I needed a rotary encoder (for a radio-like project as well), so I ordered some KY-040 and tried your code! However, I did get a lot of faulty results (clockwise instead of counterclockwise). Did you experience that as well?

    Anyway, I managed to lower the number of faulty results by adding a check for a low clockPin in the _clockCallback method, similar to the _switchCallback method. If there is a reason why this check shouldn't be there, please enlighten me, perhaps I did something stupid ;-)

    I submitted a pull request for the change, mainly because I've never done this before and wanted to try it out :-) Anyway, thanks again for the code, and good luck with your project!

    1. I didnt receive the errors, in theory you shouldn't because you should only get a callback when the voltage falls but its not unusual for the edge detection to be tripped falsely so its not a bad idea to check the value. I suspect mine might have just been slightly better manufactured.

      I have merged your pull request thank you.

  3. Super duper example! My KY040 switch is giving off some bad readings though so to stabalize that I had to require two results in the same direction to flush out bad readings. After that all is stable even when I reduce the bounce time to 100.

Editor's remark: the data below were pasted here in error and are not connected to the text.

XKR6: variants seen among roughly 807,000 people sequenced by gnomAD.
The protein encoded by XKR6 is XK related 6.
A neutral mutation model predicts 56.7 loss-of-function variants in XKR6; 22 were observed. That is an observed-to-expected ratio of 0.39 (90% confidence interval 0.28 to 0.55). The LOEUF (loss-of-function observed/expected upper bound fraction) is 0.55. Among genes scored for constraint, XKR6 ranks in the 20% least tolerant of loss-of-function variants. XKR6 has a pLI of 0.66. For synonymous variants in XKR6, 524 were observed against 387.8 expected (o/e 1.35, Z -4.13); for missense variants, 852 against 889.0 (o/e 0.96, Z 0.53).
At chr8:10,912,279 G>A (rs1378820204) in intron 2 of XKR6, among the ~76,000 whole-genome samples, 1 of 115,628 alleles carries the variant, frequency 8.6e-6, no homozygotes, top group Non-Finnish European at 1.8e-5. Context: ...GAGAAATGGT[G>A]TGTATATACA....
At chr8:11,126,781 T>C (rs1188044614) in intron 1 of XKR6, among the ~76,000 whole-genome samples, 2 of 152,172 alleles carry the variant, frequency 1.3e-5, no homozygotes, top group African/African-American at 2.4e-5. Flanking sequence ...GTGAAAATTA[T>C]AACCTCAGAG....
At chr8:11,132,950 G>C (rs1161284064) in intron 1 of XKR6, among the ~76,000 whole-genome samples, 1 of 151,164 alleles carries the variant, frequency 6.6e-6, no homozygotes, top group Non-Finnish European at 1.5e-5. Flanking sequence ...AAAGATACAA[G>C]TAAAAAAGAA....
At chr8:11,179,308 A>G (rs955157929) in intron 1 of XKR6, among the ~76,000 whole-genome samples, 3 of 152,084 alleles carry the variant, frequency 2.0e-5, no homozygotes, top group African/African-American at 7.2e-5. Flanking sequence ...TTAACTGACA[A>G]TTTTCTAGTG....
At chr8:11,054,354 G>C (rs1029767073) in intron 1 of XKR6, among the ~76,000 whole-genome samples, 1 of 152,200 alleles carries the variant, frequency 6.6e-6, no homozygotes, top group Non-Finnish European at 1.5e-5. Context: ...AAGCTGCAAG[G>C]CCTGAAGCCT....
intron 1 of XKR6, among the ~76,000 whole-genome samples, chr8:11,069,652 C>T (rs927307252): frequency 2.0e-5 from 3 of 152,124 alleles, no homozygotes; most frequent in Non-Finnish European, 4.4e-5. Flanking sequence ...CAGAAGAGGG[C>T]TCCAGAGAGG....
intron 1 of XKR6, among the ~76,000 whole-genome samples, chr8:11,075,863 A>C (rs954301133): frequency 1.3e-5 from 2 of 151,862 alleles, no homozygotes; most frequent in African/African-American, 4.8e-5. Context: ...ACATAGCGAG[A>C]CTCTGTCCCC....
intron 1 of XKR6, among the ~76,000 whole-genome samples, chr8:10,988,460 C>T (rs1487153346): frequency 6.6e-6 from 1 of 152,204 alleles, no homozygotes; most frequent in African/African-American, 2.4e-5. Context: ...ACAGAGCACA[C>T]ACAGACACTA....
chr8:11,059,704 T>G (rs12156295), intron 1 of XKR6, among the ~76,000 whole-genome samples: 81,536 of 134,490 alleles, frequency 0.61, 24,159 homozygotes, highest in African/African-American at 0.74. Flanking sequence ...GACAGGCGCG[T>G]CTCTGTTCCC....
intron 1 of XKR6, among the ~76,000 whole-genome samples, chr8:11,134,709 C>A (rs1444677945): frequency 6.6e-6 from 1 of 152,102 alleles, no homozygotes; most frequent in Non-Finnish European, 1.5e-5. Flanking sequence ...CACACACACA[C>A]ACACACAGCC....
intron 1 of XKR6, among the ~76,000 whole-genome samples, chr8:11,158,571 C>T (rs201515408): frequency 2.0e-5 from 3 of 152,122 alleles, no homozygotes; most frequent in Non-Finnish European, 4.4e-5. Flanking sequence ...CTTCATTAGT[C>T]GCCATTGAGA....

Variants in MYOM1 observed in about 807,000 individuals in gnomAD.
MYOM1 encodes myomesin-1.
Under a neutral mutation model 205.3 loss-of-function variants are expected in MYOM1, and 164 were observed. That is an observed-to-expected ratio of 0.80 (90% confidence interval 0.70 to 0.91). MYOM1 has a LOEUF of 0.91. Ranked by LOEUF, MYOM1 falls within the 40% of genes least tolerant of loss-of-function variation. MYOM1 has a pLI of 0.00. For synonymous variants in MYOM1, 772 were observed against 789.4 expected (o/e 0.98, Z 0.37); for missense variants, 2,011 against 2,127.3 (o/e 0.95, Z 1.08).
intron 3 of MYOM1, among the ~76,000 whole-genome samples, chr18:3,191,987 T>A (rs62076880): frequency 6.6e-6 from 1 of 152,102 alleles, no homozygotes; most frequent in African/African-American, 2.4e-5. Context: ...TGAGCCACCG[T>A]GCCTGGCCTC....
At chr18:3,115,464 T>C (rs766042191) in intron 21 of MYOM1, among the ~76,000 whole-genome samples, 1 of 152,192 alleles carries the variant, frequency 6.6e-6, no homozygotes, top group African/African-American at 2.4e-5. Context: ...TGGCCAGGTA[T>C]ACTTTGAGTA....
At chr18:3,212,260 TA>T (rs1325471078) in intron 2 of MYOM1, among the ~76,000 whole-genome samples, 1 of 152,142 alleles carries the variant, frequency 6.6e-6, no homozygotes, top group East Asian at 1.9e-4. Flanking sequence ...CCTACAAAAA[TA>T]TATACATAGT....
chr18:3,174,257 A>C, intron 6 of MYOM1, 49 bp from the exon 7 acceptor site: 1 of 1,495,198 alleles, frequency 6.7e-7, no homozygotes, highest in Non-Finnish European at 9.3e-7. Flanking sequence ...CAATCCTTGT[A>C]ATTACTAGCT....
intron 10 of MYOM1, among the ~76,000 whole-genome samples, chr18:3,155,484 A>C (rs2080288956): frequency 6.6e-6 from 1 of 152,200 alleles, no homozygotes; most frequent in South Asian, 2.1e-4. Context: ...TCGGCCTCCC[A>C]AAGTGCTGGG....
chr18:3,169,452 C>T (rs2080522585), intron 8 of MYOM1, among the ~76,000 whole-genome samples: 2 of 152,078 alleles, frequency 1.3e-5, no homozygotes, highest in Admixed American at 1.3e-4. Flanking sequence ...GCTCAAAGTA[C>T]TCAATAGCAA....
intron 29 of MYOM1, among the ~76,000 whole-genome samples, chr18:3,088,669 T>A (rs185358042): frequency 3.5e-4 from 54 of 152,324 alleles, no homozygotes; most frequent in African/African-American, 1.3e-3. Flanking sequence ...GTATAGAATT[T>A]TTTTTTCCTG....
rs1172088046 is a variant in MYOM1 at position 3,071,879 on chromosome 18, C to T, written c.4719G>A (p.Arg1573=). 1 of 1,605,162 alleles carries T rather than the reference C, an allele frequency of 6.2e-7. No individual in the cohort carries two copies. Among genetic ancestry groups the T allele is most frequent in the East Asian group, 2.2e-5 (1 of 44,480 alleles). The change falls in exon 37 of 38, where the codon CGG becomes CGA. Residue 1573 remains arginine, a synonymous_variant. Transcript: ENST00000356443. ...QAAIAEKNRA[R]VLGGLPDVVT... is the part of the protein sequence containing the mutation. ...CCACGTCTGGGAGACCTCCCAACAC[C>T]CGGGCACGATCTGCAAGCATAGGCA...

def _clockCallback(self, pin):
    if GPIO.input(self.clockPin) == 0:
    data = GPIO.input(self.dataPin)
    if data != self.lastDirection:
    # Skip the first signal when we change direction.
    # This also removes false signals from my KY040 since it
    # requires two values in the same direction before rotaryCallback is called.
    self.lastDirection = data

    elif data == 1:

    self.lastDirection is initialized to -1 in __init__

    Anyways, thanks for the great example!

  4. Martin, thanks for this code example. I have just received my encoder from China and you have saved me a great amount of time.

    Can you help me understand why your callback functions include the argument 'pin'?
    def _clockCallback(self, pin):

    I don't see it used anywhere in the code. My best guess is that GPIO.add_event_detect returns the 'pin' that was 'active' during the event detected and in this application that information is already known so it is safely ignored.

    1. Your right, RPi.GPIO returns the pin (aka channel) in the callback. If I hadn't specified a variable in the function def it would have errored. see documentation here - http://sourceforge.net/p/raspberry-gpio-python/wiki/Inputs/

  5. I'm use another microcontroller. This sensor documentation says that it works with 5V, I don't understand why here you use 3.3V, it works the same way with no problems?

  6. Please...
    You know if is possible build power on/off controller to Raspberry using push button of the KY-040?

    1. Shutting down would be pretty easy, just called sudo halt, but there is no way to turn the power off unless you disconnect the power. Im sure there is a solution but you are going to be looking at a 'fairly' complicated software and hardware solution.